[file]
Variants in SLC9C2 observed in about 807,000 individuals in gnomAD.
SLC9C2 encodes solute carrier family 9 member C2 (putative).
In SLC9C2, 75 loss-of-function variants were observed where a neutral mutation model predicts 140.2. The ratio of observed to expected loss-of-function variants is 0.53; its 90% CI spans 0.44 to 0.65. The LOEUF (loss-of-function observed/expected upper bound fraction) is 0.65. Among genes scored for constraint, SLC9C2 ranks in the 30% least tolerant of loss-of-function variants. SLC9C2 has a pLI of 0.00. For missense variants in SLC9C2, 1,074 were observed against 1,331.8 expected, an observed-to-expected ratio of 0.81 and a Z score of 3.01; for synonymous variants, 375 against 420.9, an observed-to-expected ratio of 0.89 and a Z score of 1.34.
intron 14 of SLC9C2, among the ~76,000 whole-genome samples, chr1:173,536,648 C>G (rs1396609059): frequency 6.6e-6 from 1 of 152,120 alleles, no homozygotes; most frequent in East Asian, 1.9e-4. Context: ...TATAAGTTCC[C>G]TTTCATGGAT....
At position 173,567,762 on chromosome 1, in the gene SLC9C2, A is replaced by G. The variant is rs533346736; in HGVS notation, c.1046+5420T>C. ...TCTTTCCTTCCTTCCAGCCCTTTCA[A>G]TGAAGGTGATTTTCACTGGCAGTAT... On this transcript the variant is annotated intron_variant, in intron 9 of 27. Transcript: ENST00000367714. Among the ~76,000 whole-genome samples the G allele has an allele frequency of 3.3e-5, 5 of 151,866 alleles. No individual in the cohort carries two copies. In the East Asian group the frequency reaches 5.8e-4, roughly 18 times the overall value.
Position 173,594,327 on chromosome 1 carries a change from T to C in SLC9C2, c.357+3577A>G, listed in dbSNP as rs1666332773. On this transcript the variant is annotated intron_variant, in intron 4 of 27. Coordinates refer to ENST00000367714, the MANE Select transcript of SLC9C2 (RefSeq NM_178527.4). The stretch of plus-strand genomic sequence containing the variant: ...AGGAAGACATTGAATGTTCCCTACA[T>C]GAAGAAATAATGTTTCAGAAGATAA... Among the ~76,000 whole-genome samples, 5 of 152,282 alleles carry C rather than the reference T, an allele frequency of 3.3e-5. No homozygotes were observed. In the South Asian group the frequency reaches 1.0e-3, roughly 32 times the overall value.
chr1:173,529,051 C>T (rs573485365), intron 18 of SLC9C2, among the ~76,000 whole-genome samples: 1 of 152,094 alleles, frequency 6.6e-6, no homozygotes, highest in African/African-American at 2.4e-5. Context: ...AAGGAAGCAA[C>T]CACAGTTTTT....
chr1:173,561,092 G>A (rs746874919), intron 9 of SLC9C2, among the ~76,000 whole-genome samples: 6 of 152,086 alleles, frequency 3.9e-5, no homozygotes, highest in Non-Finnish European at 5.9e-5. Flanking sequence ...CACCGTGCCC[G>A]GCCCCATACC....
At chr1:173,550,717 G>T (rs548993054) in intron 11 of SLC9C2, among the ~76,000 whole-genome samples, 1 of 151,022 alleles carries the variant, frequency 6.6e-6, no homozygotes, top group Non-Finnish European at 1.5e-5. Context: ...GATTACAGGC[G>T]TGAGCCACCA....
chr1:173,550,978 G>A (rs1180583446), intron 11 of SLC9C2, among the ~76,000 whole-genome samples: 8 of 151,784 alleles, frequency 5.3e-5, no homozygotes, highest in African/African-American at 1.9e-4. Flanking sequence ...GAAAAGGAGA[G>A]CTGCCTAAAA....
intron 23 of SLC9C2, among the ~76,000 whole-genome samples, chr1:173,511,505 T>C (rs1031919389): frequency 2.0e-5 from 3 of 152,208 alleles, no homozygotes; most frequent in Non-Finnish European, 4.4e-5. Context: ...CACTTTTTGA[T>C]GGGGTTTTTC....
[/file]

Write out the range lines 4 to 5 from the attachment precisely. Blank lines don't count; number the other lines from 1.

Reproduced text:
intron 14 of SLC9C2, among the ~76,000 whole-genome samples, chr1:173,536,648 C>G (rs1396609059): frequency 6.6e-6 from 1 of 152,120 alleles, no homozygotes; most frequent in East Asian, 1.9e-4. Context: ...TATAAGTTCC[C>G]TTTCATGGAT....
At position 173,567,762 on chromosome 1, in the gene SLC9C2, A is replaced by G. The variant is rs533346736; in HGVS notation, c.1046+5420T>C. ...TCTTTCCTTCCTTCCAGCCCTTTCA[A>G]TGAAGGTGATTTTCACTGGCAGTAT... On this transcript the variant is annotated intron_variant, in intron 9 of 27. Transcript: ENST00000367714. Among the ~76,000 whole-genome samples the G allele has an allele frequency of 3.3e-5, 5 of 151,866 alleles. No individual in the cohort carries two copies. In the East Asian group the frequency reaches 5.8e-4, roughly 18 times the overall value.